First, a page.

Officials in Sweden and Germany are discussing imposing a tax on consumable meat to combat 'climate change' following a new IPCC report encouraging a plant-based diet, according to local media.
Politicians claim they hope to reduce CO2 emissions and improve animal welfare with a forced reduction in meat consumption.
"German politicians are speaking out in favor of raising the VAT on meat in a bid to improve animal welfare and cut CO2 emissions," the Local Germany reports.
"The decision makers want to raise the tax to the standard VAT, or 19 percent, up from the current seven percent that consumers are required to pay for meat products."
Sweden may be looking to Germany as inspiration for their own similar ideas.
"Food production and forestry are fundamental to society," said Markku Rummukainen, Swedish representative to the UN Climate Panel. "Protein from the plant kingdom has much less impact on the climate than protein from the animal kingdom. How to produce one or the other also plays a role, of course."
"In order to achieve the global climate targets, measures and solutions are also needed in agriculture and forestry and measures in the entire food system. Many of these measures will provide benefits in other areas, such as food and energy security."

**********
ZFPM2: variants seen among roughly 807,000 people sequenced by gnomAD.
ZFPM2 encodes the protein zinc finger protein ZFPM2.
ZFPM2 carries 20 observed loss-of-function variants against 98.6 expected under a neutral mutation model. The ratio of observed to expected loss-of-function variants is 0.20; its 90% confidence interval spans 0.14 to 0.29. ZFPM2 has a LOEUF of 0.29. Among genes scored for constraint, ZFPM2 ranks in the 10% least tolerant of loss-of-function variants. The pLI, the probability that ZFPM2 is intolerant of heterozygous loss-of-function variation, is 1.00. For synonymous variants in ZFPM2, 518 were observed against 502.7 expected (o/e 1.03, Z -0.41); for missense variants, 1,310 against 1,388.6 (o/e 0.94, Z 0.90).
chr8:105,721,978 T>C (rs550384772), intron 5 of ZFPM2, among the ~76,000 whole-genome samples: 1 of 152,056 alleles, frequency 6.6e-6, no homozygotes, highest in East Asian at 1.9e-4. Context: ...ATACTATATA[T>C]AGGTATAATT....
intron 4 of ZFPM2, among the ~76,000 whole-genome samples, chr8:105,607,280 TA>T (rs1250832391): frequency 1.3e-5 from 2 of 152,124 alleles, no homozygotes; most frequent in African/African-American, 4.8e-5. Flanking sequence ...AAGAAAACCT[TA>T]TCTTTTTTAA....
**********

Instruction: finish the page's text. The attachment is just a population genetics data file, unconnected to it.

The IPCC report claims that Western countries could aid in reducing the impact on 'climate change' upon "500 million people [who] live in desert-prone areas" by reducing meat intake.
"Given that Germany is now considering increased VAT on meat, it makes me think that a meat tax will again be raised on the Swedish agenda," said SVT commentator Erika Bjerström.
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(PHOTO: Rainer Fuhrmann / EyeEm / Getty Images)Dan Lyman: Follow @CitizenAnalyst